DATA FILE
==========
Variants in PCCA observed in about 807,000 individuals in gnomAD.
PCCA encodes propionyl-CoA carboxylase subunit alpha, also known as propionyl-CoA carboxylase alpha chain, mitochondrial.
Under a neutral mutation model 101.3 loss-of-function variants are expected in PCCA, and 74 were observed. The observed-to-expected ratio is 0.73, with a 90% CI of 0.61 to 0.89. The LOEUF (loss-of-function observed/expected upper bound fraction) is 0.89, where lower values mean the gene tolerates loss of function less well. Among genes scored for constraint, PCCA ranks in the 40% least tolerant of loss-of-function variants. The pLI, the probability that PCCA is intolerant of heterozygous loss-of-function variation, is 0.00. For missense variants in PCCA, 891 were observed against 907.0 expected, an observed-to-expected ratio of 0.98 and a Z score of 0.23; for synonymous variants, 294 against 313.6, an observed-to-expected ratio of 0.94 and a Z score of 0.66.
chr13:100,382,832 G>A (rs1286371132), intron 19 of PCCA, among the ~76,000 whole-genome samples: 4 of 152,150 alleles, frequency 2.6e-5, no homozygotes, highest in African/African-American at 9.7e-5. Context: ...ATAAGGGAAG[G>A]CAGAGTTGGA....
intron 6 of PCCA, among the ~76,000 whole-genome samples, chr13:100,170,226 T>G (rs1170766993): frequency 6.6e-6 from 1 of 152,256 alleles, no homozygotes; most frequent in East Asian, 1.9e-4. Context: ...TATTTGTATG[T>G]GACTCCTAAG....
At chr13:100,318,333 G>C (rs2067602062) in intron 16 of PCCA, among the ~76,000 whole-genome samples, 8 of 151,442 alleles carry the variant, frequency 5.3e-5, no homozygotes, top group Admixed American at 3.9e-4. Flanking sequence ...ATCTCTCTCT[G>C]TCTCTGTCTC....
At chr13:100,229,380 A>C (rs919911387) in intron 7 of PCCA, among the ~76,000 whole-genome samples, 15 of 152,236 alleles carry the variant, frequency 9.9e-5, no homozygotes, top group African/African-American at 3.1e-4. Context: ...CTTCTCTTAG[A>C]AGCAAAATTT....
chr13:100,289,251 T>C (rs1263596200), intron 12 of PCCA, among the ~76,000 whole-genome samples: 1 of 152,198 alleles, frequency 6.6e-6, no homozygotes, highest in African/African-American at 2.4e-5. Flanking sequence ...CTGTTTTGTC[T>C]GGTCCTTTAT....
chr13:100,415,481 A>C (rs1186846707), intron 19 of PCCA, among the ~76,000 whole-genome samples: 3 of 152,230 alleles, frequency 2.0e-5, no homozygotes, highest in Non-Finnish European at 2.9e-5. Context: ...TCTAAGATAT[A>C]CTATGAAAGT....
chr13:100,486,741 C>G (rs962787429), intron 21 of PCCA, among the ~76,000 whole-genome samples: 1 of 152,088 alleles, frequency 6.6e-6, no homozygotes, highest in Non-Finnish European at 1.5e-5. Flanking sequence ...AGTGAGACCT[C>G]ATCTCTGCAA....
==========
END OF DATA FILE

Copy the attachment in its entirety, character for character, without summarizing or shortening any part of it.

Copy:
Variants in PCCA observed in about 807,000 individuals in gnomAD.
PCCA encodes propionyl-CoA carboxylase subunit alpha, also known as propionyl-CoA carboxylase alpha chain, mitochondrial.
Under a neutral mutation model 101.3 loss-of-function variants are expected in PCCA, and 74 were observed. The observed-to-expected ratio is 0.73, with a 90% CI of 0.61 to 0.89. The LOEUF (loss-of-function observed/expected upper bound fraction) is 0.89, where lower values mean the gene tolerates loss of function less well. Among genes scored for constraint, PCCA ranks in the 40% least tolerant of loss-of-function variants. The pLI, the probability that PCCA is intolerant of heterozygous loss-of-function variation, is 0.00. For missense variants in PCCA, 891 were observed against 907.0 expected, an observed-to-expected ratio of 0.98 and a Z score of 0.23; for synonymous variants, 294 against 313.6, an observed-to-expected ratio of 0.94 and a Z score of 0.66.
chr13:100,382,832 G>A (rs1286371132), intron 19 of PCCA, among the ~76,000 whole-genome samples: 4 of 152,150 alleles, frequency 2.6e-5, no homozygotes, highest in African/African-American at 9.7e-5. Context: ...ATAAGGGAAG[G>A]CAGAGTTGGA....
intron 6 of PCCA, among the ~76,000 whole-genome samples, chr13:100,170,226 T>G (rs1170766993): frequency 6.6e-6 from 1 of 152,256 alleles, no homozygotes; most frequent in East Asian, 1.9e-4. Context: ...TATTTGTATG[T>G]GACTCCTAAG....
At chr13:100,318,333 G>C (rs2067602062) in intron 16 of PCCA, among the ~76,000 whole-genome samples, 8 of 151,442 alleles carry the variant, frequency 5.3e-5, no homozygotes, top group Admixed American at 3.9e-4. Flanking sequence ...ATCTCTCTCT[G>C]TCTCTGTCTC....
At chr13:100,229,380 A>C (rs919911387) in intron 7 of PCCA, among the ~76,000 whole-genome samples, 15 of 152,236 alleles carry the variant, frequency 9.9e-5, no homozygotes, top group African/African-American at 3.1e-4. Context: ...CTTCTCTTAG[A>C]AGCAAAATTT....
chr13:100,289,251 T>C (rs1263596200), intron 12 of PCCA, among the ~76,000 whole-genome samples: 1 of 152,198 alleles, frequency 6.6e-6, no homozygotes, highest in African/African-American at 2.4e-5. Flanking sequence ...CTGTTTTGTC[T>C]GGTCCTTTAT....
chr13:100,415,481 A>C (rs1186846707), intron 19 of PCCA, among the ~76,000 whole-genome samples: 3 of 152,230 alleles, frequency 2.0e-5, no homozygotes, highest in Non-Finnish European at 2.9e-5. Context: ...TCTAAGATAT[A>C]CTATGAAAGT....
chr13:100,486,741 C>G (rs962787429), intron 21 of PCCA, among the ~76,000 whole-genome samples: 1 of 152,088 alleles, frequency 6.6e-6, no homozygotes, highest in Non-Finnish European at 1.5e-5. Flanking sequence ...AGTGAGACCT[C>G]ATCTCTGCAA....